14 Sep 2021

Nights Philosophy- Success and Failure in a Meritocracy

From Nights, 7:12 pm on 14 September 2021

Philosopher Ann Kerwin joined Nights to discuss Michael Sandel's latest book - The Tyranny of Merit.

We think that in a meritocracy anyone can, with hard work and talent - irrespective of race, background or class - be successful. Research shows: increasingly, this is more fable than truth.

Sandel, who lectures at Harvard, started to ponder the idea after listening to comments made by his students.

Harvard business school is teaching classes in its MBA programme on Gravity Payments

Harvard business school is teaching classes in its MBA programme on Gravity Payments Photo: AFP

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Despite not being particularly conservative, more and more these young people felt they deserved the fruits of their efforts for attending such an elite establishment, Kerwin says.

It piqued a theme he had been exploring for a while in books on subjects such as justice - particularly distributive justice.

Who gets what has changed over the centuries, he observed, from royals, to nobility, to factory owners to the emergence of meritocracy gaining traction in the rising democracies.

"It was beginning to be held that people actually are equal inherently even if people are poor and born into straightened circumstances they have talent, they have intelligence, they are willing to work and so a good society allows people opportunity to advance on the basis of their merits," Kirwan says.

The rule of the meritorious offers people, ostensibly, social mobility and opportunity, she says.

And so, it came to be an accepted ideal that each generation would do better than the last, she says.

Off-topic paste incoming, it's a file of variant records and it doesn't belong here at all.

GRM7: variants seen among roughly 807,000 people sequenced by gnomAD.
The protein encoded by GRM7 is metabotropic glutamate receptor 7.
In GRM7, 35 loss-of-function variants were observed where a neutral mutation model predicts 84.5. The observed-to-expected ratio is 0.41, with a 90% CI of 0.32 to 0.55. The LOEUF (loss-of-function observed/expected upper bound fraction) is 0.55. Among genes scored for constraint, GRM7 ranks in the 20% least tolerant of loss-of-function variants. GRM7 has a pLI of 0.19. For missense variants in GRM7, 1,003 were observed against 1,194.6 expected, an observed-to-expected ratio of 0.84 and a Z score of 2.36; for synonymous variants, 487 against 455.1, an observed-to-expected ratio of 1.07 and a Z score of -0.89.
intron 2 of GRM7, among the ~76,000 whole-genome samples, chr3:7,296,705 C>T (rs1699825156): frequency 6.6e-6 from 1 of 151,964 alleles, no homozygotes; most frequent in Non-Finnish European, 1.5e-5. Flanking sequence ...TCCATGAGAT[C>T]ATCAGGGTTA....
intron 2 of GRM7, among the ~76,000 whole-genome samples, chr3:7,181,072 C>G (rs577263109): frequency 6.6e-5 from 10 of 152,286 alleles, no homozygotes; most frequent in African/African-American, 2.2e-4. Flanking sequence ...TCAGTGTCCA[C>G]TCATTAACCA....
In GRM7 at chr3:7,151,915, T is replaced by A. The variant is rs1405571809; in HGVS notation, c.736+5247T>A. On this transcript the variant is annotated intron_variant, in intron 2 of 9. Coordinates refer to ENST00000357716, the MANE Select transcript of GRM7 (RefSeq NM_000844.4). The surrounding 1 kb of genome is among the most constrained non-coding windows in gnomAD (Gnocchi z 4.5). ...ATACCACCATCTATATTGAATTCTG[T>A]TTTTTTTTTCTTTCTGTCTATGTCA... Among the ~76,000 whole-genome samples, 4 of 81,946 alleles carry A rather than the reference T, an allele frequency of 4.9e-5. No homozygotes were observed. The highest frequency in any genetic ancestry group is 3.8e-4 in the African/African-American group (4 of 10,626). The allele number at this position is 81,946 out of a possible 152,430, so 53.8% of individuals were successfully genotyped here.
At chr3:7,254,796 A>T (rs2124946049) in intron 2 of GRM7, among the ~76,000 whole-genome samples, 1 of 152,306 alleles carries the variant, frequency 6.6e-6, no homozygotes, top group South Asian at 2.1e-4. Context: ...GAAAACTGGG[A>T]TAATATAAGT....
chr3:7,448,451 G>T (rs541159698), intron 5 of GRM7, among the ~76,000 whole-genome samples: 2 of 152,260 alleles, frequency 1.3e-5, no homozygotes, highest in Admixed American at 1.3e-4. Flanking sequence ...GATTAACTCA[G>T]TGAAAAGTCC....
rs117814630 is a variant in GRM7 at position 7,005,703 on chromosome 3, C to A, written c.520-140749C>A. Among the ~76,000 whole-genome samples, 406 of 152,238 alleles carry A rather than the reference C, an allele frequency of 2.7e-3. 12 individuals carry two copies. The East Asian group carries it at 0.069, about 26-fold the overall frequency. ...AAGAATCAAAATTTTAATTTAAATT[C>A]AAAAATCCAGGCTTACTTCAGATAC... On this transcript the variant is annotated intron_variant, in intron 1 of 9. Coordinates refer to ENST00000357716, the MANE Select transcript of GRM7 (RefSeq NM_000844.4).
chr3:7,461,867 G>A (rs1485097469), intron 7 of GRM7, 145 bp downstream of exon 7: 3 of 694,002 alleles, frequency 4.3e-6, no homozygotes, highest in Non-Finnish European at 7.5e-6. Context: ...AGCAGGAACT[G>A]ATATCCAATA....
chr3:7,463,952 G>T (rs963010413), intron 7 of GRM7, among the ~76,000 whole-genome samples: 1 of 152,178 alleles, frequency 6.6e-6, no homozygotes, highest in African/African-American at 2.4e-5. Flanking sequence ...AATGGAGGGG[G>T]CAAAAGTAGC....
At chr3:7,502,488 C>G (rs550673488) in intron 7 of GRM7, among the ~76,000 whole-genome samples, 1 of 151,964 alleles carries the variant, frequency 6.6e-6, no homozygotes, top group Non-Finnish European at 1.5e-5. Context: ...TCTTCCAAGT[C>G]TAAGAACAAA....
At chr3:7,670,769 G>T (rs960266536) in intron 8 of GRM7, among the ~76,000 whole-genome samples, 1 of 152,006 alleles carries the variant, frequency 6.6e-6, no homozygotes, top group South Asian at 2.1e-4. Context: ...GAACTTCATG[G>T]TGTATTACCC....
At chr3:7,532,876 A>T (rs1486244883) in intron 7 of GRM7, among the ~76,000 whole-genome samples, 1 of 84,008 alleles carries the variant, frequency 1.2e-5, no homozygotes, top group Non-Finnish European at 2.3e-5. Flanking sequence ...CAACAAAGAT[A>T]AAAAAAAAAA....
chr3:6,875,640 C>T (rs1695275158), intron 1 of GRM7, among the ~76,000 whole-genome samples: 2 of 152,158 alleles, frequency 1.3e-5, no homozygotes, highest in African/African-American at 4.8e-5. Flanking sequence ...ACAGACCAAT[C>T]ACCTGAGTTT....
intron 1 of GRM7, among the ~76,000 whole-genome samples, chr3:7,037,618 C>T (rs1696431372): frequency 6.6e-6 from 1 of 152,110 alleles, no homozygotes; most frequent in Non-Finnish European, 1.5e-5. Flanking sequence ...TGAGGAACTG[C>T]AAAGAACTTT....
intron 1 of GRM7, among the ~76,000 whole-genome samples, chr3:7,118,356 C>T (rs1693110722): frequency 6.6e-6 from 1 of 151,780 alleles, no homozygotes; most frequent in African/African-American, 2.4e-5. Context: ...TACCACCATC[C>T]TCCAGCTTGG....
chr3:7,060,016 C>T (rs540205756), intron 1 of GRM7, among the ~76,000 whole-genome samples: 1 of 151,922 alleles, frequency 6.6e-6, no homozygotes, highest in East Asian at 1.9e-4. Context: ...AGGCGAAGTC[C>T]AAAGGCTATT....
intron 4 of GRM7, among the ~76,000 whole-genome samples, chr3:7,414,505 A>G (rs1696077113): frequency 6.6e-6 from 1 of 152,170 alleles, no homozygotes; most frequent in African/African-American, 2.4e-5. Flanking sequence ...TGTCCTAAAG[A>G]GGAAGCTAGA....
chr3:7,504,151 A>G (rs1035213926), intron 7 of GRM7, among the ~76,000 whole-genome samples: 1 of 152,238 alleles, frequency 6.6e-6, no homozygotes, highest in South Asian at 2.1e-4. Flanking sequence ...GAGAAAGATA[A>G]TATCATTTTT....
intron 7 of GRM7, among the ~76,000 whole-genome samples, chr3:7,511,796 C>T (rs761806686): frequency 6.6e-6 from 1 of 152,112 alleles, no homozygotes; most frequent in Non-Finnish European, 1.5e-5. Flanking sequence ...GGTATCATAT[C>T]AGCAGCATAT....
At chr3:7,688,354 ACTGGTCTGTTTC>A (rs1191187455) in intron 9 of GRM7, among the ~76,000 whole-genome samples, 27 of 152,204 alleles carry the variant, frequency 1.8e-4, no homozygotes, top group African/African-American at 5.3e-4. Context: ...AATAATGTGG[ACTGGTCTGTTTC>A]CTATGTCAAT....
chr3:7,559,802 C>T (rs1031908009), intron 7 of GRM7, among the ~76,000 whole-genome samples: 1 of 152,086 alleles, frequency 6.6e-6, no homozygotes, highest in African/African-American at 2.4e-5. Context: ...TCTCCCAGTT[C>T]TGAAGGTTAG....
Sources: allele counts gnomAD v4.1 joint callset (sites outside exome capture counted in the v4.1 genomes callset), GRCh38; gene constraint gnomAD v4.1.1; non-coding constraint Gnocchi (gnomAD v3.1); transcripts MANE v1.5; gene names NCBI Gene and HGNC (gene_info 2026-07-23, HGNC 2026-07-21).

Sandel has reached the conclusion that meritocracy, however, is far from benign.

For the last 40 years in the US the median income has decreased, he observes, and the cost of living has risen.

The US is more unequal today than it was in the 1950s.

"Now being meritorious means being credentialled having a degree having a marketable degree.

"It's not about talent, a lot of people have talent, it's not about hard work, many of the so-called essential workers are extremely hard workers, they also are resourceful and intelligent."

It's what the market will honour, says Kirwan.

Half of Harvard's students come from the top 1 percent despite income not being a factor to admittance, Sandel says in his book, because credentialled parents offer children other privileges.

Meritocracy is not working, he argues because the results are the opposite and meritocracy leads to 'overwheening hubris'.

"We did make it by our own efforts, we weren't dependent on anybody."

Sandel argues that we need to restore the dignity of labour.

"Stop looking at the venture capitalists and the corporate accountants and specialist lawyers and university people as the top of the heap, because their work is so much more valuable, he says that isn't true," Kirwan says.

Sandel espouses in his book, she says, the building of economies that are for the common good.